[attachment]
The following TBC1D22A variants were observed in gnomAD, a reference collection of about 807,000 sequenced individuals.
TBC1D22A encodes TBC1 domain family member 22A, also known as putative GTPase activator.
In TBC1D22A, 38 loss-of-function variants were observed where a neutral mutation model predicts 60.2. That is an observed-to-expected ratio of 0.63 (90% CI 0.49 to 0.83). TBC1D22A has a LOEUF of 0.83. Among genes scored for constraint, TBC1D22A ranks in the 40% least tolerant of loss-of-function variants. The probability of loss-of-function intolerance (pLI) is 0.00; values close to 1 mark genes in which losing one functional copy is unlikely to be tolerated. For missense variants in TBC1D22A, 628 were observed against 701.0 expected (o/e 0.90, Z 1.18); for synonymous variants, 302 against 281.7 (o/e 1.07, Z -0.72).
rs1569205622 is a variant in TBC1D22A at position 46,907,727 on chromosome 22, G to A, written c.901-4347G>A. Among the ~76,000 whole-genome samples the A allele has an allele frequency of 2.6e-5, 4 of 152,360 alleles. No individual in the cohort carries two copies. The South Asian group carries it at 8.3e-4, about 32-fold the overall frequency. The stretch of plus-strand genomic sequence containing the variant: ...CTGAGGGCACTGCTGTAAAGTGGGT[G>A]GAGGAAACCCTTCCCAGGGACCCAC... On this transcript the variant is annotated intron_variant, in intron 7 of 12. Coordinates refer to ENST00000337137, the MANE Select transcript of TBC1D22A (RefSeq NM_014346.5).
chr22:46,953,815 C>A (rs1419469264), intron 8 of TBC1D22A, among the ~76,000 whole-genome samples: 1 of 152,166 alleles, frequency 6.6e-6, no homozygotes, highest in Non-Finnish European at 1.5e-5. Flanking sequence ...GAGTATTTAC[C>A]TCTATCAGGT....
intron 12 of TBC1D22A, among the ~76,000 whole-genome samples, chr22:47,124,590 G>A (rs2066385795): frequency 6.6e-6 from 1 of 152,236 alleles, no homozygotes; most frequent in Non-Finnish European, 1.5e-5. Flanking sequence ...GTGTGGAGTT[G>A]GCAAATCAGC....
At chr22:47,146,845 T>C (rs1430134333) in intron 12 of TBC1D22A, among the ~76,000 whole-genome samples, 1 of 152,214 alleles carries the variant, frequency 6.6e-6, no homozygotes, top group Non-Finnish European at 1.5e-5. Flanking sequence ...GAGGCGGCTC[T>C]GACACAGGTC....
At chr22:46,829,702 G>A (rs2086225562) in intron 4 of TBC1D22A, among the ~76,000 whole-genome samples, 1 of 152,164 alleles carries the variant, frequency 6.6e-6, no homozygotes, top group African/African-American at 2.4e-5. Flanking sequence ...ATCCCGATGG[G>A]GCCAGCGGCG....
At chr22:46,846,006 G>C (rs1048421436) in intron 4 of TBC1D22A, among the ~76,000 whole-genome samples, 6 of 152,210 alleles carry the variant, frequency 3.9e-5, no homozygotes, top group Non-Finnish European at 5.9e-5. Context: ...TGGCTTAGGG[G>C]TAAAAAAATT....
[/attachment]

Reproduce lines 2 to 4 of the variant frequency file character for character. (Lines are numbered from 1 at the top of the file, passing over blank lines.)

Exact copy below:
TBC1D22A encodes TBC1 domain family member 22A, also known as putative GTPase activator.
In TBC1D22A, 38 loss-of-function variants were observed where a neutral mutation model predicts 60.2. That is an observed-to-expected ratio of 0.63 (90% CI 0.49 to 0.83). TBC1D22A has a LOEUF of 0.83. Among genes scored for constraint, TBC1D22A ranks in the 40% least tolerant of loss-of-function variants. The probability of loss-of-function intolerance (pLI) is 0.00; values close to 1 mark genes in which losing one functional copy is unlikely to be tolerated. For missense variants in TBC1D22A, 628 were observed against 701.0 expected (o/e 0.90, Z 1.18); for synonymous variants, 302 against 281.7 (o/e 1.07, Z -0.72).
rs1569205622 is a variant in TBC1D22A at position 46,907,727 on chromosome 22, G to A, written c.901-4347G>A. Among the ~76,000 whole-genome samples the A allele has an allele frequency of 2.6e-5, 4 of 152,360 alleles. No individual in the cohort carries two copies. The South Asian group carries it at 8.3e-4, about 32-fold the overall frequency. The stretch of plus-strand genomic sequence containing the variant: ...CTGAGGGCACTGCTGTAAAGTGGGT[G>A]GAGGAAACCCTTCCCAGGGACCCAC... On this transcript the variant is annotated intron_variant, in intron 7 of 12. Coordinates refer to ENST00000337137, the MANE Select transcript of TBC1D22A (RefSeq NM_014346.5).